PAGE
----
Noam Scheiber at The New Republic has a really good review of Bob Woodward’s new book, The Backscratcher—Bob Woodward’s Anti-Obama Bias. More than just a review of The Price of Politics, it is a good refresher on the debt ceiling debacle, which has made me rethink my harsh criticism of Obama. But mostly, the article is about Bob Woodward’s bias against President Obama.
Scheiber puts forward two aspects of Woodward that make the bias contradictory. First, Woodward is a typical elite boot-licker who “reflexively flatters the powerful.” There is no doubt about that! But Scheiber claims that Woodward is against the current most powerful man in the world because of a particular attitude of Woodward’s class:
But, in another sense, the book is perfectly in sync with Woodward’s oeuvre. There is a body of respectable Washington opinion that considers Obama unworthy of the presidency: he hadn’t put in his time before running, didn’t grasp the majesty of the office, evinced no respect for the way things were done. He not only won without courting the city’s elders, he had the bad manners to keep his distance even after winning. This is the view Woodward distills.
There is little doubt of this, but I have a different take that compliments it: Wordward follows public opinion.
This is base upon the “Bush at War” triology. The first, Bush at War made Bush out to be a great leader—Dwight Eisenhower or even George Washington. The next, Plan of Attack was slightly critical, but still mostly adulatory. And the third, State of Denial was quite critical. This just happens to have been the way that America felt about Bush.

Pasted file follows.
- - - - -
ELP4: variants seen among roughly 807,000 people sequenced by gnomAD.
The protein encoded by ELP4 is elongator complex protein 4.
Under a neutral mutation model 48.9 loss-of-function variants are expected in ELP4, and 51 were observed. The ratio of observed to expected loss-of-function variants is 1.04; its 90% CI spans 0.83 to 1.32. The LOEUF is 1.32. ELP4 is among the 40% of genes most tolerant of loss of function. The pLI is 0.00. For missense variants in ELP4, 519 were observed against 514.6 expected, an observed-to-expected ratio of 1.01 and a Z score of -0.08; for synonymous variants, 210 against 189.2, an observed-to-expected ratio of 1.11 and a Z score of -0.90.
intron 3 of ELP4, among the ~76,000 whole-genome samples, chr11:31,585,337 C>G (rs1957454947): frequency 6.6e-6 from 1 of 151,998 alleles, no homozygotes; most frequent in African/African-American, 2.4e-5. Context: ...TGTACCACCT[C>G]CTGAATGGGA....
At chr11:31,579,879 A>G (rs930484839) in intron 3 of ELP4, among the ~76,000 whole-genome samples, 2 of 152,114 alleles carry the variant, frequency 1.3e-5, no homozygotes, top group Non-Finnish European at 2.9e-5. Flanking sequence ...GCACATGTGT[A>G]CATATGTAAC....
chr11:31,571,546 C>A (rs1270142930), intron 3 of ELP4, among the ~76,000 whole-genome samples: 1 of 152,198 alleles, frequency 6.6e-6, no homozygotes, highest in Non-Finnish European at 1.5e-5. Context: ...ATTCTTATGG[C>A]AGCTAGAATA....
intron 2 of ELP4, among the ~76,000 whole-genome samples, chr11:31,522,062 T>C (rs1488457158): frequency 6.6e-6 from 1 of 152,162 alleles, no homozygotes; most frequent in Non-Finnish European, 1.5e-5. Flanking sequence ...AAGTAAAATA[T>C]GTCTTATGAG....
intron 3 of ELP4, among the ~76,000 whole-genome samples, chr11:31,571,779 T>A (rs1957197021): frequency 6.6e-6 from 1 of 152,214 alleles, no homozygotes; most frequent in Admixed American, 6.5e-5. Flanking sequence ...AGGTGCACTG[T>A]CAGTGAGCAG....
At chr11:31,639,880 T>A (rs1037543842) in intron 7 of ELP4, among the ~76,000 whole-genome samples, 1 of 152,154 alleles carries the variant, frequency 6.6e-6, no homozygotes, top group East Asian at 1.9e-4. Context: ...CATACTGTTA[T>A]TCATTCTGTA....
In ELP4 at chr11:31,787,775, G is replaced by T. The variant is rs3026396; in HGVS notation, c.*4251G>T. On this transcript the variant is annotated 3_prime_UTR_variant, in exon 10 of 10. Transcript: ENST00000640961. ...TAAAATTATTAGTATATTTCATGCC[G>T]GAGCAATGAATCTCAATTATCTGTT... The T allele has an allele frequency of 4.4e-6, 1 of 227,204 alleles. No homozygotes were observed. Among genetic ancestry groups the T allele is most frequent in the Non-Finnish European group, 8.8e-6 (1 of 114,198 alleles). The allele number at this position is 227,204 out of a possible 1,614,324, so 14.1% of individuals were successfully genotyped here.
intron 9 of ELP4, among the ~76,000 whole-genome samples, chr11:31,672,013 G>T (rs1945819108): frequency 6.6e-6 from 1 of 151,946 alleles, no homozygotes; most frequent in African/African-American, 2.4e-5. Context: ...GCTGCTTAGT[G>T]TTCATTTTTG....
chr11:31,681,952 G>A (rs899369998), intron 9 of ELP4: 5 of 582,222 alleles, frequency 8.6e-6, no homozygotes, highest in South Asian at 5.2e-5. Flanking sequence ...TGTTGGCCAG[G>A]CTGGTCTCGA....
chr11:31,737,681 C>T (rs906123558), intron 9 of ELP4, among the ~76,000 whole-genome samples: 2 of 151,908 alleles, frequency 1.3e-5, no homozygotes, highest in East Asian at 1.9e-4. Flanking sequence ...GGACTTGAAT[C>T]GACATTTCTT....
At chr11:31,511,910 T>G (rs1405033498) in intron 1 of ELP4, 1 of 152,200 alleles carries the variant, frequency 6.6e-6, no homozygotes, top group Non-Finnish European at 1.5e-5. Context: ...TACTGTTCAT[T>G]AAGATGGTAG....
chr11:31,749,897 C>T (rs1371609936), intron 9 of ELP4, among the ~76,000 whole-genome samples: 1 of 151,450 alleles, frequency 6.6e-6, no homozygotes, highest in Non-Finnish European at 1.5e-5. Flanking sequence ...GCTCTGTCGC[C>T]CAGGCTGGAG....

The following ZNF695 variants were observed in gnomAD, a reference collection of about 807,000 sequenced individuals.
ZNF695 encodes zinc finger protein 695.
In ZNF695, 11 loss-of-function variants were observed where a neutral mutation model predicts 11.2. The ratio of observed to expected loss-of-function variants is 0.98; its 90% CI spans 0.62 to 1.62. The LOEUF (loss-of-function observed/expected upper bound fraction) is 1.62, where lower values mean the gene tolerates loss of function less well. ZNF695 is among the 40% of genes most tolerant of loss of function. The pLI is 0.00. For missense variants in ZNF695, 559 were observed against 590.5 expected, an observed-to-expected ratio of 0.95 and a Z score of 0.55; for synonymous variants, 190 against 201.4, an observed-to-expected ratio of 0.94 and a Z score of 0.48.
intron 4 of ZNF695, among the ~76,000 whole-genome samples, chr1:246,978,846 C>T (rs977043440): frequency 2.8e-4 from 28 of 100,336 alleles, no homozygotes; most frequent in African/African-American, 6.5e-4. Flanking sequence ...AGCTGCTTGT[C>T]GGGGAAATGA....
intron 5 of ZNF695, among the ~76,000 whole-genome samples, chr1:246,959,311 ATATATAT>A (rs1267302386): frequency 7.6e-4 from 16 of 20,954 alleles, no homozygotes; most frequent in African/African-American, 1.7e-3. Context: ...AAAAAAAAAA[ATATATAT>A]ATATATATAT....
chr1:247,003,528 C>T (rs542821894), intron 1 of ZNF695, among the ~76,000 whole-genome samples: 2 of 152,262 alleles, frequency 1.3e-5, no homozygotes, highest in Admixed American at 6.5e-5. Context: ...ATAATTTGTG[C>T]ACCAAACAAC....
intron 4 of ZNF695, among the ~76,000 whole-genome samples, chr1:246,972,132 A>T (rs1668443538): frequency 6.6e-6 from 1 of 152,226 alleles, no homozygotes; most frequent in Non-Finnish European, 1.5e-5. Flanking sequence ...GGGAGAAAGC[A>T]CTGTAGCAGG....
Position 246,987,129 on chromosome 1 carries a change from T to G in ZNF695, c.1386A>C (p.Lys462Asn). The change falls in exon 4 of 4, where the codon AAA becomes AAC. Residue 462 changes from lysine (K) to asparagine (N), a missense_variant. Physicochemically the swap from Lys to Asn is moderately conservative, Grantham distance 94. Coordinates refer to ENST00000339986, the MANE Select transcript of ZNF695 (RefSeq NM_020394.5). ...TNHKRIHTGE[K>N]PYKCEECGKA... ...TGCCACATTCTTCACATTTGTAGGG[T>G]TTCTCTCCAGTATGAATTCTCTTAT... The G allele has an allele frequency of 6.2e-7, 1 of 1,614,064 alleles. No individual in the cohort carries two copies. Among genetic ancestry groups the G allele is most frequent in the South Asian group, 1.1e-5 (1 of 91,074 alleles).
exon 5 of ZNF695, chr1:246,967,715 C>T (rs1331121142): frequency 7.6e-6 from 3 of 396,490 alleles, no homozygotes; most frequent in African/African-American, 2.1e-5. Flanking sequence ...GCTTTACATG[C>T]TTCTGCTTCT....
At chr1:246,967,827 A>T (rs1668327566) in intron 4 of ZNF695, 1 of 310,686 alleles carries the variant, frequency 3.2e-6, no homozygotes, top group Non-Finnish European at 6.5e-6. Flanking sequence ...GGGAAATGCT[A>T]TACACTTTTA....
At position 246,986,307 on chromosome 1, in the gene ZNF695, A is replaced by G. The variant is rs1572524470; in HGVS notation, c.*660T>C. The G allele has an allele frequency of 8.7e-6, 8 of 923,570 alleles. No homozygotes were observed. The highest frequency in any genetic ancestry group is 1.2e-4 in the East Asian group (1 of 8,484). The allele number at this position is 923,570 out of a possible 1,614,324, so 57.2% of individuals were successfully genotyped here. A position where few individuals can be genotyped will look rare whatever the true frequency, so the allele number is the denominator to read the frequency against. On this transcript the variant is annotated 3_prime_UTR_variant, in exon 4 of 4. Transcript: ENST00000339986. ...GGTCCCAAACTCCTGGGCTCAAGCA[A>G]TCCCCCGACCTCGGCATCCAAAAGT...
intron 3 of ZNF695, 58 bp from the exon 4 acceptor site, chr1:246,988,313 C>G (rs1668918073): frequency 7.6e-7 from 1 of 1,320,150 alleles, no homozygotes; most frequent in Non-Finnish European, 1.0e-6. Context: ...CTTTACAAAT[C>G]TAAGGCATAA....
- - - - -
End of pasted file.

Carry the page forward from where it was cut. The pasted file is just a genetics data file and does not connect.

I haven’t read much of Woodward’s books since All the President’s Men. What I have read—even his non-political writing such as the insipid Wired—has been standard, middlebrow fair. So of course what we get on the second half of Obama’s term is the typical upper middle class complaints that Obama is just sorta missing something; we don’t know quite what it is; but we’re sure it isn’t that he’s black. (Not that Woodward would ever go anywhere near the race question.)
I’ve long wondered about the comparisons that people naturally make between Woodward and Carl Bernstein. These arguments usually go something like, “Isn’t it amazing that Bernstein hasn’t had much of a career but Woodward has become a titan of political reporting.” I don’t accept this. It’s true that Woodward has this position. But it is because he panders to a particular class of Washington insider. He is the towering figure he is because he does not threatened the elite. Bernstein has had a respectable career with some minor successes that did ruffle feathers. Woodward is only willing to ruffle the feathers of dead birds like William Casey.
And so, it is not surprising that Woodward would go after Obama. And what will happen if Obama wins reelection and the economy recovers? Woodward will write a hagiography of Obama.